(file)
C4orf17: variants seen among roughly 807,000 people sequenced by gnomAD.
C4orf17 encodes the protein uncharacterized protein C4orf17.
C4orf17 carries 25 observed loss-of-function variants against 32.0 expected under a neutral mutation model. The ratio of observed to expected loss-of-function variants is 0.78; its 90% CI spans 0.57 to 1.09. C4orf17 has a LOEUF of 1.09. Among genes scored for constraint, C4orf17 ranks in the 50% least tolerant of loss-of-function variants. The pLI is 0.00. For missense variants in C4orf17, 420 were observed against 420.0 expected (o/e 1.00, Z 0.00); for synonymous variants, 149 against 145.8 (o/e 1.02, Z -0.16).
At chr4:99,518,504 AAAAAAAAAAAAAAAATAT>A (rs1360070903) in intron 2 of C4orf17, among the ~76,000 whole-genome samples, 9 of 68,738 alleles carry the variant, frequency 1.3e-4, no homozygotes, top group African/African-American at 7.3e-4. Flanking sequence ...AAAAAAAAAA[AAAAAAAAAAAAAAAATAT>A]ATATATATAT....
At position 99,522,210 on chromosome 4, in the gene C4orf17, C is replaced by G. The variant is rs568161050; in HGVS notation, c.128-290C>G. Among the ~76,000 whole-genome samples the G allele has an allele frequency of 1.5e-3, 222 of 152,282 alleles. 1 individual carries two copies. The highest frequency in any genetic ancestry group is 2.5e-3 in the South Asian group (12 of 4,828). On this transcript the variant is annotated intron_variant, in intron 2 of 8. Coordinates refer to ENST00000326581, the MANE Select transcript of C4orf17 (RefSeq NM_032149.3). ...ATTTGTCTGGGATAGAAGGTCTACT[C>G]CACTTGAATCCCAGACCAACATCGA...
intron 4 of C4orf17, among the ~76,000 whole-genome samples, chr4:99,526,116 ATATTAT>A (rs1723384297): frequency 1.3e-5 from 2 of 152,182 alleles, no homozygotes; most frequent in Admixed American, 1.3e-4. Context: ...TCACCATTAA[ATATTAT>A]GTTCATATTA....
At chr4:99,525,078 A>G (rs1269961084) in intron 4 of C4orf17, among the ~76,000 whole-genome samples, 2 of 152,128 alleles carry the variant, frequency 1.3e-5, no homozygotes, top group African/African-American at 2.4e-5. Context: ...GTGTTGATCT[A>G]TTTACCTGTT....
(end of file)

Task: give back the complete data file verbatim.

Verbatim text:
C4orf17: variants seen among roughly 807,000 people sequenced by gnomAD.
C4orf17 encodes the protein uncharacterized protein C4orf17.
C4orf17 carries 25 observed loss-of-function variants against 32.0 expected under a neutral mutation model. The ratio of observed to expected loss-of-function variants is 0.78; its 90% CI spans 0.57 to 1.09. C4orf17 has a LOEUF of 1.09. Among genes scored for constraint, C4orf17 ranks in the 50% least tolerant of loss-of-function variants. The pLI is 0.00. For missense variants in C4orf17, 420 were observed against 420.0 expected (o/e 1.00, Z 0.00); for synonymous variants, 149 against 145.8 (o/e 1.02, Z -0.16).
At chr4:99,518,504 AAAAAAAAAAAAAAAATAT>A (rs1360070903) in intron 2 of C4orf17, among the ~76,000 whole-genome samples, 9 of 68,738 alleles carry the variant, frequency 1.3e-4, no homozygotes, top group African/African-American at 7.3e-4. Flanking sequence ...AAAAAAAAAA[AAAAAAAAAAAAAAAATAT>A]ATATATATAT....
At position 99,522,210 on chromosome 4, in the gene C4orf17, C is replaced by G. The variant is rs568161050; in HGVS notation, c.128-290C>G. Among the ~76,000 whole-genome samples the G allele has an allele frequency of 1.5e-3, 222 of 152,282 alleles. 1 individual carries two copies. The highest frequency in any genetic ancestry group is 2.5e-3 in the South Asian group (12 of 4,828). On this transcript the variant is annotated intron_variant, in intron 2 of 8. Coordinates refer to ENST00000326581, the MANE Select transcript of C4orf17 (RefSeq NM_032149.3). ...ATTTGTCTGGGATAGAAGGTCTACT[C>G]CACTTGAATCCCAGACCAACATCGA...
intron 4 of C4orf17, among the ~76,000 whole-genome samples, chr4:99,526,116 ATATTAT>A (rs1723384297): frequency 1.3e-5 from 2 of 152,182 alleles, no homozygotes; most frequent in Admixed American, 1.3e-4. Context: ...TCACCATTAA[ATATTAT>A]GTTCATATTA....
At chr4:99,525,078 A>G (rs1269961084) in intron 4 of C4orf17, among the ~76,000 whole-genome samples, 2 of 152,128 alleles carry the variant, frequency 1.3e-5, no homozygotes, top group African/African-American at 2.4e-5. Context: ...GTGTTGATCT[A>G]TTTACCTGTT....